These anti-fundamentalists (and anti-evangelicals) can be just as confident and cocky that they've got it all figured out. That they stand high above the rest in their perceptions of truth. They can be just as zealous for their new convictions, some of them petty. Once they saw all non-fundamentalists in danger of perdition, now they find everyone who doesn't fight for the cause they believe in as hopeless or apathetic or non-Christian. I call this fundamentalist flop-flipping, from being a pro-fundamentalist fundamentalist to being an anti-fundamentalist fundamentalist.
But there is hope... and this I like:
At the bottom of the problem many of us have with fundamentalists is the lack of grace or mercy or -- and I'd prefer this term the best -- love. Jesus taught his followers something that can reshape anyone from zeal-spirited fundamentalism, whether on the rebound or not. He taught them that the whole law hung from two basic commands:
Love God with your heart, soul, mind and strength.
Love your neighbor as yourself.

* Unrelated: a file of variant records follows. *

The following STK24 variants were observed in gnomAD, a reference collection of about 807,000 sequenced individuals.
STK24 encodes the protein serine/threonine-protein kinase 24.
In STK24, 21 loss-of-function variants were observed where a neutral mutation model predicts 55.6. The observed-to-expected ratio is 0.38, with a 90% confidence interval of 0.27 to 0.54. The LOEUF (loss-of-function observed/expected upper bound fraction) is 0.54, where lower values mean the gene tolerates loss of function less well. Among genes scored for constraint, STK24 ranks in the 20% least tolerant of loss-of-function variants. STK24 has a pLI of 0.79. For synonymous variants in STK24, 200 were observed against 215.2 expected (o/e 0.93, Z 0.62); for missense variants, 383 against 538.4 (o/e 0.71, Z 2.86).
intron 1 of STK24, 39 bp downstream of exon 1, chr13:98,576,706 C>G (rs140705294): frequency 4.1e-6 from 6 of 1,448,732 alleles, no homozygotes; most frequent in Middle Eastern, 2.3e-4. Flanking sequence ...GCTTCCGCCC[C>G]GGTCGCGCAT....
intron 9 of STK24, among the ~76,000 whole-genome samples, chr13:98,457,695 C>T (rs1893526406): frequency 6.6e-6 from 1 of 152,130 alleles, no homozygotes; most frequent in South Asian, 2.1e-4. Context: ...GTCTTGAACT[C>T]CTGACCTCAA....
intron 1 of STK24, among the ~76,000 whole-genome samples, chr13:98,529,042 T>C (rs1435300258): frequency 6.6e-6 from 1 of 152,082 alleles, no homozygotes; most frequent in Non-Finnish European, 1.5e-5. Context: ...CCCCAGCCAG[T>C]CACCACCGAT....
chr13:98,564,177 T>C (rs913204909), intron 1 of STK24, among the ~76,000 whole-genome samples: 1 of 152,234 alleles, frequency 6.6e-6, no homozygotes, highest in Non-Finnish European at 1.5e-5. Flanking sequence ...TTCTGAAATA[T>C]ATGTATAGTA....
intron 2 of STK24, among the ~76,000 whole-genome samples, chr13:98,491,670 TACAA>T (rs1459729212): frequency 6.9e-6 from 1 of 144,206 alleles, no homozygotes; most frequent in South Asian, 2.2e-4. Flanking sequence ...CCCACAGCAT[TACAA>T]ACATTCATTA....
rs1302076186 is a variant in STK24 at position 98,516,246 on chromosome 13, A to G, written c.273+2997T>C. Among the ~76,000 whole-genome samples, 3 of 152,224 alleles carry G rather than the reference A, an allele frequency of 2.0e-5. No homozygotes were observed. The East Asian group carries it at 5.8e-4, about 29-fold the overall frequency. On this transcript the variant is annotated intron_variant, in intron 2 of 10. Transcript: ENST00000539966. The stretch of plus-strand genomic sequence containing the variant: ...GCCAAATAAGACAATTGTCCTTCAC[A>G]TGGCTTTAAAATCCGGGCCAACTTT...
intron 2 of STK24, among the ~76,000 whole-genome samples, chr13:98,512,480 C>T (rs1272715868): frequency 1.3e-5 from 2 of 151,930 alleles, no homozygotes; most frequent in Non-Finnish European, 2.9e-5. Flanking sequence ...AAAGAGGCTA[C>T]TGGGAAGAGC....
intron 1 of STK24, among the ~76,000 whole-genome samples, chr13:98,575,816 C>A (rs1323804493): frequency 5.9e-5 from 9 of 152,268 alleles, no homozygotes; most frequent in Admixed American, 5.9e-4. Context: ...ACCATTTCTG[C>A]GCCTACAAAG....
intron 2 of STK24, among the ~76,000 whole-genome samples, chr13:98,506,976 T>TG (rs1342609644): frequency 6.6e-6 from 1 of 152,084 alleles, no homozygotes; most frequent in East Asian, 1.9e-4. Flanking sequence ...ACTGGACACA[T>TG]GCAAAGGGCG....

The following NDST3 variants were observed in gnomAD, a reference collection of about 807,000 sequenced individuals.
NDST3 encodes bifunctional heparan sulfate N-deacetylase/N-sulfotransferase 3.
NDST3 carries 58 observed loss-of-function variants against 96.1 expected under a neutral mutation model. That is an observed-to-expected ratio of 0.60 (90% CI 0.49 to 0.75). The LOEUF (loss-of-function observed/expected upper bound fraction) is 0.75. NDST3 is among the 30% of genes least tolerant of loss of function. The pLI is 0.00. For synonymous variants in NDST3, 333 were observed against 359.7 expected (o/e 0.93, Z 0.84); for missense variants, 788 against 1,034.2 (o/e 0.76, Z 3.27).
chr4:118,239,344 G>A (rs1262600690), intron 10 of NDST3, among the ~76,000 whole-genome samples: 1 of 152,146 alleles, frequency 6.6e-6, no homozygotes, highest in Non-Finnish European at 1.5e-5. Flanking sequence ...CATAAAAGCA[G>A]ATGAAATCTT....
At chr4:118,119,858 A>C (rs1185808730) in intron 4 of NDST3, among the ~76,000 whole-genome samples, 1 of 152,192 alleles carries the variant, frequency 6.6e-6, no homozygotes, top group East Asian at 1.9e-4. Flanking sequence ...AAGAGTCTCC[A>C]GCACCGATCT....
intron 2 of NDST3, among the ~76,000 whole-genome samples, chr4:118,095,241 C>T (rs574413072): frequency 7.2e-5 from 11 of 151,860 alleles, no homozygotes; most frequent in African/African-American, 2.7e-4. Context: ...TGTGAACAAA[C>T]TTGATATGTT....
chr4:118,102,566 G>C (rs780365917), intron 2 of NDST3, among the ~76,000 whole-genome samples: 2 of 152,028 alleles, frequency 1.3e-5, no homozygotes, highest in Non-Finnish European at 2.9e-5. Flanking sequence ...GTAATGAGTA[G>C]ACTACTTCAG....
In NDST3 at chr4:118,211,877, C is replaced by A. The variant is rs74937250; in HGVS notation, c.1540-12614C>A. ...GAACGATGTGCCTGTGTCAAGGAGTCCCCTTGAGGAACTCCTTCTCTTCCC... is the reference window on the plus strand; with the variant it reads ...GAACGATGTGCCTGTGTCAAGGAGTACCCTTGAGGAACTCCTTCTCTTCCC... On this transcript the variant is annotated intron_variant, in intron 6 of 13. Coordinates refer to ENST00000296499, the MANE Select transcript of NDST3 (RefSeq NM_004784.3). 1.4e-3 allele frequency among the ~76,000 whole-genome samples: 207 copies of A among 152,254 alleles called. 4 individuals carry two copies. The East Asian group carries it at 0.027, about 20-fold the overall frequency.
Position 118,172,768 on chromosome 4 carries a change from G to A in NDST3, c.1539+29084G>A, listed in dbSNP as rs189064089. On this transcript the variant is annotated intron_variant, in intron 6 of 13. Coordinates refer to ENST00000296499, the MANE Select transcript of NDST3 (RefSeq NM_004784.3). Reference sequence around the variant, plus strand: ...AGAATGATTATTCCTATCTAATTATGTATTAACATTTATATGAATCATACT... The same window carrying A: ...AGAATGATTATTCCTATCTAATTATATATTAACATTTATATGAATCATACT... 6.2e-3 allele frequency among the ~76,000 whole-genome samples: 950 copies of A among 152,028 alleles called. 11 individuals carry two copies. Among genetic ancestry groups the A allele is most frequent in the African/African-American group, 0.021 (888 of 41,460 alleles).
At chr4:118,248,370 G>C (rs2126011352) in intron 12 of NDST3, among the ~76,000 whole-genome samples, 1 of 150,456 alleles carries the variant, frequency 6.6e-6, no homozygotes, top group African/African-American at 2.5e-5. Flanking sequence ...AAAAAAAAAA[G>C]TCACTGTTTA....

I call this The Jesus Creed and the discovery of the importance of this Creed to Jesus can reshape more how we live and relate to others than what we believe. Love has the power to reshape fundamentalists from the inside out. I've met plenty of them.
Fundamentalist or not, this is what Jesus wants of us: to love God and to love others. No one who loves God and loves others lives in that angry spiritedness, flop-flipper or not.
And I thought Keith Schooley was right on with this comment:
the fundamentalistic impulse--which I might define in this context as love for an idea or position to the exclusion of love toward people who may be in opposition to that idea or position-
Good stuff, indeed. I need to be reminded of this often. Thanks Scot!